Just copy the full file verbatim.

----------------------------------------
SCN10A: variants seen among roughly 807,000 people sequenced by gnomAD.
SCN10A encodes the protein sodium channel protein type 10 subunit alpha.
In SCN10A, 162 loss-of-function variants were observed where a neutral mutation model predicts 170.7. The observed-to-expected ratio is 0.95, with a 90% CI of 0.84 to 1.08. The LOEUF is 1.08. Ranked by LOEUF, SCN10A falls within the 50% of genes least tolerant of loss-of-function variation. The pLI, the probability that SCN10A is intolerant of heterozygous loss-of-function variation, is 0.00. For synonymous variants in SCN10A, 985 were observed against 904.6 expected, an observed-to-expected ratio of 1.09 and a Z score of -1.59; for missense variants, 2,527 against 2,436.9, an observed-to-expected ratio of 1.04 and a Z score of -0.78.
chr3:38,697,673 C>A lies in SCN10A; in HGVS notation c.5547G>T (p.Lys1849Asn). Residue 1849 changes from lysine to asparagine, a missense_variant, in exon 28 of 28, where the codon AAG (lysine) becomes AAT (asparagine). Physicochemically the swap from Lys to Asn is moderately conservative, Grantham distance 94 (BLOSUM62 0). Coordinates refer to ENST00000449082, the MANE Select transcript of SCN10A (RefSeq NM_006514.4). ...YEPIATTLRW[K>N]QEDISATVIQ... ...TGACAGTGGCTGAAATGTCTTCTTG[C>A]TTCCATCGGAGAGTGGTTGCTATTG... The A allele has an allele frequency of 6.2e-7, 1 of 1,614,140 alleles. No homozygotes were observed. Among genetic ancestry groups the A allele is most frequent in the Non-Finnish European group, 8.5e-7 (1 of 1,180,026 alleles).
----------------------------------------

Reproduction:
SCN10A: variants seen among roughly 807,000 people sequenced by gnomAD.
SCN10A encodes the protein sodium channel protein type 10 subunit alpha.
In SCN10A, 162 loss-of-function variants were observed where a neutral mutation model predicts 170.7. The observed-to-expected ratio is 0.95, with a 90% CI of 0.84 to 1.08. The LOEUF is 1.08. Ranked by LOEUF, SCN10A falls within the 50% of genes least tolerant of loss-of-function variation. The pLI, the probability that SCN10A is intolerant of heterozygous loss-of-function variation, is 0.00. For synonymous variants in SCN10A, 985 were observed against 904.6 expected, an observed-to-expected ratio of 1.09 and a Z score of -1.59; for missense variants, 2,527 against 2,436.9, an observed-to-expected ratio of 1.04 and a Z score of -0.78.
chr3:38,697,673 C>A lies in SCN10A; in HGVS notation c.5547G>T (p.Lys1849Asn). Residue 1849 changes from lysine to asparagine, a missense_variant, in exon 28 of 28, where the codon AAG (lysine) becomes AAT (asparagine). Physicochemically the swap from Lys to Asn is moderately conservative, Grantham distance 94 (BLOSUM62 0). Coordinates refer to ENST00000449082, the MANE Select transcript of SCN10A (RefSeq NM_006514.4). ...YEPIATTLRW[K>N]QEDISATVIQ... ...TGACAGTGGCTGAAATGTCTTCTTG[C>A]TTCCATCGGAGAGTGGTTGCTATTG... The A allele has an allele frequency of 6.2e-7, 1 of 1,614,140 alleles. No homozygotes were observed. Among genetic ancestry groups the A allele is most frequent in the Non-Finnish European group, 8.5e-7 (1 of 1,180,026 alleles).